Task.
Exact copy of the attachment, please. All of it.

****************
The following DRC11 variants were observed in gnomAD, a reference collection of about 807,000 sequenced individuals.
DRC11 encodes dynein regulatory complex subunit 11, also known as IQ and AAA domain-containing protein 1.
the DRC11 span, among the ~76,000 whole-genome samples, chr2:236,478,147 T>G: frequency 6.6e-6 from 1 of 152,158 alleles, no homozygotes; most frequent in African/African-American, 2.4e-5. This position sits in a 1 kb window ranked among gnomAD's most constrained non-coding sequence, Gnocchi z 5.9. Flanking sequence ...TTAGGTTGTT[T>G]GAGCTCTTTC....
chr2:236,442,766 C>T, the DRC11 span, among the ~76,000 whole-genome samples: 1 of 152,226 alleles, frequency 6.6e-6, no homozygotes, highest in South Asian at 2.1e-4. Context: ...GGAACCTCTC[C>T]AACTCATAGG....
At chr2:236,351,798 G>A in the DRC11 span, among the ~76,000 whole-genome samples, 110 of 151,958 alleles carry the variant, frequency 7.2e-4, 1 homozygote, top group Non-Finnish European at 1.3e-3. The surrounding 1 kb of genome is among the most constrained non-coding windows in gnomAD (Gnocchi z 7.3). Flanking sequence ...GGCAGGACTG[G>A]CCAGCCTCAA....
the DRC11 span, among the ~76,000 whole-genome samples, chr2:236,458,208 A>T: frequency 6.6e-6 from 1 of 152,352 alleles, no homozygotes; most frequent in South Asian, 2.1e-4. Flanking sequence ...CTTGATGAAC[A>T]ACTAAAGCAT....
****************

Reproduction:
The following DRC11 variants were observed in gnomAD, a reference collection of about 807,000 sequenced individuals.
DRC11 encodes dynein regulatory complex subunit 11, also known as IQ and AAA domain-containing protein 1.
the DRC11 span, among the ~76,000 whole-genome samples, chr2:236,478,147 T>G: frequency 6.6e-6 from 1 of 152,158 alleles, no homozygotes; most frequent in African/African-American, 2.4e-5. This position sits in a 1 kb window ranked among gnomAD's most constrained non-coding sequence, Gnocchi z 5.9. Flanking sequence ...TTAGGTTGTT[T>G]GAGCTCTTTC....
chr2:236,442,766 C>T, the DRC11 span, among the ~76,000 whole-genome samples: 1 of 152,226 alleles, frequency 6.6e-6, no homozygotes, highest in South Asian at 2.1e-4. Context: ...GGAACCTCTC[C>T]AACTCATAGG....
At chr2:236,351,798 G>A in the DRC11 span, among the ~76,000 whole-genome samples, 110 of 151,958 alleles carry the variant, frequency 7.2e-4, 1 homozygote, top group Non-Finnish European at 1.3e-3. The surrounding 1 kb of genome is among the most constrained non-coding windows in gnomAD (Gnocchi z 7.3). Flanking sequence ...GGCAGGACTG[G>A]CCAGCCTCAA....
the DRC11 span, among the ~76,000 whole-genome samples, chr2:236,458,208 A>T: frequency 6.6e-6 from 1 of 152,352 alleles, no homozygotes; most frequent in South Asian, 2.1e-4. Flanking sequence ...CTTGATGAAC[A>T]ACTAAAGCAT....